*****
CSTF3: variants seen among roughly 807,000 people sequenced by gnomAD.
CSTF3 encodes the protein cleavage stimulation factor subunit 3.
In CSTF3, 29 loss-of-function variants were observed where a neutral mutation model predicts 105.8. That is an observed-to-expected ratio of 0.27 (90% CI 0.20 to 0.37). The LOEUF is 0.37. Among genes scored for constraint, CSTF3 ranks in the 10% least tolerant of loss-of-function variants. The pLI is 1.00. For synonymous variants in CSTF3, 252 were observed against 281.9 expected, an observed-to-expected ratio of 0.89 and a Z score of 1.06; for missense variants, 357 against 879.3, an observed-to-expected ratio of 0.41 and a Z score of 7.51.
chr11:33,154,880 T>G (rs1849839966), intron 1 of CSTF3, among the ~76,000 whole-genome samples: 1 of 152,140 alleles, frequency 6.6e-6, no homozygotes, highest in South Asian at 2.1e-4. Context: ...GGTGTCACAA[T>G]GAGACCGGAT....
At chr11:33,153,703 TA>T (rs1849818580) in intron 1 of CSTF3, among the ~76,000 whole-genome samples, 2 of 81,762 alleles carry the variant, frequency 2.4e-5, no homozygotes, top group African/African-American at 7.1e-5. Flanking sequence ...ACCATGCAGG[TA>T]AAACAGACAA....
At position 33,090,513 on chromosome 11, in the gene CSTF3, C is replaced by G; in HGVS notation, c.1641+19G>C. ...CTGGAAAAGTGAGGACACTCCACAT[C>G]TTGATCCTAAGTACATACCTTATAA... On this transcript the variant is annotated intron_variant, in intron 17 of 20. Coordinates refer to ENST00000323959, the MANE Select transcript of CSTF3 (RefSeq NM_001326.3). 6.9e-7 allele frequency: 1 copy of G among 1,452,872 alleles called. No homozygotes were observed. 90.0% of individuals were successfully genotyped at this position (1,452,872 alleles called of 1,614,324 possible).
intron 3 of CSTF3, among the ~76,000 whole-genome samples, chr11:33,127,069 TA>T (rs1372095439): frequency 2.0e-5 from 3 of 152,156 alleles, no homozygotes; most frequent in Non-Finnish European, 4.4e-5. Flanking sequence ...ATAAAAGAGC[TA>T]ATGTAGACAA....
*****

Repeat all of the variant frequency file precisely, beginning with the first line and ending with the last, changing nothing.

CSTF3: variants seen among roughly 807,000 people sequenced by gnomAD.
CSTF3 encodes the protein cleavage stimulation factor subunit 3.
In CSTF3, 29 loss-of-function variants were observed where a neutral mutation model predicts 105.8. That is an observed-to-expected ratio of 0.27 (90% CI 0.20 to 0.37). The LOEUF is 0.37. Among genes scored for constraint, CSTF3 ranks in the 10% least tolerant of loss-of-function variants. The pLI is 1.00. For synonymous variants in CSTF3, 252 were observed against 281.9 expected, an observed-to-expected ratio of 0.89 and a Z score of 1.06; for missense variants, 357 against 879.3, an observed-to-expected ratio of 0.41 and a Z score of 7.51.
chr11:33,154,880 T>G (rs1849839966), intron 1 of CSTF3, among the ~76,000 whole-genome samples: 1 of 152,140 alleles, frequency 6.6e-6, no homozygotes, highest in South Asian at 2.1e-4. Context: ...GGTGTCACAA[T>G]GAGACCGGAT....
At chr11:33,153,703 TA>T (rs1849818580) in intron 1 of CSTF3, among the ~76,000 whole-genome samples, 2 of 81,762 alleles carry the variant, frequency 2.4e-5, no homozygotes, top group African/African-American at 7.1e-5. Flanking sequence ...ACCATGCAGG[TA>T]AAACAGACAA....
At position 33,090,513 on chromosome 11, in the gene CSTF3, C is replaced by G; in HGVS notation, c.1641+19G>C. ...CTGGAAAAGTGAGGACACTCCACAT[C>G]TTGATCCTAAGTACATACCTTATAA... On this transcript the variant is annotated intron_variant, in intron 17 of 20. Coordinates refer to ENST00000323959, the MANE Select transcript of CSTF3 (RefSeq NM_001326.3). 6.9e-7 allele frequency: 1 copy of G among 1,452,872 alleles called. No homozygotes were observed. 90.0% of individuals were successfully genotyped at this position (1,452,872 alleles called of 1,614,324 possible).
intron 3 of CSTF3, among the ~76,000 whole-genome samples, chr11:33,127,069 TA>T (rs1372095439): frequency 2.0e-5 from 3 of 152,156 alleles, no homozygotes; most frequent in Non-Finnish European, 4.4e-5. Flanking sequence ...ATAAAAGAGC[TA>T]ATGTAGACAA....